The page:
Distribution and review strategy?

Subject: Distribution and review strategy?
From: Geoff Hart <ghart -at- videotron -dot- ca>
To: TECHWR-L <techwr-l -at- lists -dot- techwr-l -dot- com>, Peggy Lucero <plucero -at- atsva -dot- com>
Date: Fri, 02 Jun 2006 16:44:00 -0400

Peggy Lucero wonders: <<It is now time to solicit [reviews] from a team of about 10 developers on a 1100 total page System Design Document that has been broken down into 7 parts (each a separate WORD document). Document is stored on SharePoint and all team members have access to it... I'm struggling a bit with determining the best method to obtain the developers cooperation in the review process as I don't have a lot of experience with this.>>

First and foremost, a job that large simply isn't going to get done well, if at all, without some serious buy-in from the developers. You mention that they "appear have a near zero interest in the documentation", suggesting that you're not going to get that buy-in easily. Most times, you need a carrot and stick approach: you want to encourage them to do it by a judicious balance of rewards (preferably) and threats of corporal punishment if they don't cooperate (as a last resort).

This means you need to obtain support from their managers or the managers who will suffer most if the review isn't done. If the managers won't back you in this, you're going to have a tough time: you can't force the developers to cooperate, and unless they particularly like you or owe you favors, you probably can't get them to do this much work unless someone empowers you to provide incentives.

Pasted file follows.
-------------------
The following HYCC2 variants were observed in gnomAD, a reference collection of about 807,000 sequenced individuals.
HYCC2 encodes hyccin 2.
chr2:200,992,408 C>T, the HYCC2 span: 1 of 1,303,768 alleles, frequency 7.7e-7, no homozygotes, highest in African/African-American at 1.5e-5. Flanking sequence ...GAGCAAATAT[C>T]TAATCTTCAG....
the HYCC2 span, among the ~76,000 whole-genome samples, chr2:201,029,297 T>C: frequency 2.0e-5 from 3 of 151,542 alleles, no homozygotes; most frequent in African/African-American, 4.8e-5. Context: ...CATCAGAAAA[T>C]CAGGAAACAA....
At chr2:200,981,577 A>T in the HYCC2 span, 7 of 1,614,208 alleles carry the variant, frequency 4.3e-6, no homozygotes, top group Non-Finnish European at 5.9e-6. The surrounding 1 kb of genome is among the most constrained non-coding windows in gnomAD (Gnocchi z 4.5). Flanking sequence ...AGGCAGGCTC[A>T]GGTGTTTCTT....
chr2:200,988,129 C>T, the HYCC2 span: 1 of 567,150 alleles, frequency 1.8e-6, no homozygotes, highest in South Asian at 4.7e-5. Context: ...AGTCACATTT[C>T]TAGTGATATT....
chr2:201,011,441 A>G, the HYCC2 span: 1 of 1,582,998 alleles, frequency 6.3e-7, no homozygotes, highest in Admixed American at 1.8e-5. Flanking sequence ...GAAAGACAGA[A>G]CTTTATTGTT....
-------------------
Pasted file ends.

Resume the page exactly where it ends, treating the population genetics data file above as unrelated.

If you can get some kind of buy-in, through fair means or foul, the trick is to make it as easy as possible on the reviewers. The more you are seen to be considerate of their needs, the more likely they are to cooperate and to do a good job. Start by talking to each one to find out how they'd prefer to do the reviews. For example, if a key reviewer hates to do online reviews, but your policy insists on such reviews, offer a compromise: let them do the review on paper, and you can transfer the comments into the files for them.

Second, find out which ones are most qualified to review each document or each section of a document, and focus your efforts accordingly. Don't ask everyone to review all 1100 pages if they're only competent to review 110 pages each; on the other hand, if they're all equally competent to review all the text, divide up the workload. Ten reviews for each document is almost certainly overkill, and three reviews is probably effective. They'll love you for finding them a way to review (for example) only three of the 10 documents.

If any one document is particularly critical (e.g., it could cause expensive losses or injury to readers if errors slip through), put the most expert reviewers or the greatest number of reviewrs on that job, and get it done first. That way, if review fatique sets in, you know that the most important stuff was checked thoroughly. The rest of the stuff can wait because errors won't kill anyone. (Think "triage"!) For stuff that is particularly crucial, put more developers to work on it; you may want all 10 reviewers to look at one paragraph in a given document, 5 reviewers to look at one section of that document, and 3 reviewers to review the whole document.

A few resources (because it's Friday, not all entirely serious*) that should inspire you:

* The less serious ones do have some insights; if not, they at least have the virtue of being brief.

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Geoff Hart ghart -at- videotron -dot- ca
(try geoffhart -at- mac -dot- com if you don't get a reply)
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Distribution and review strategy: From: Lucero, Peggy

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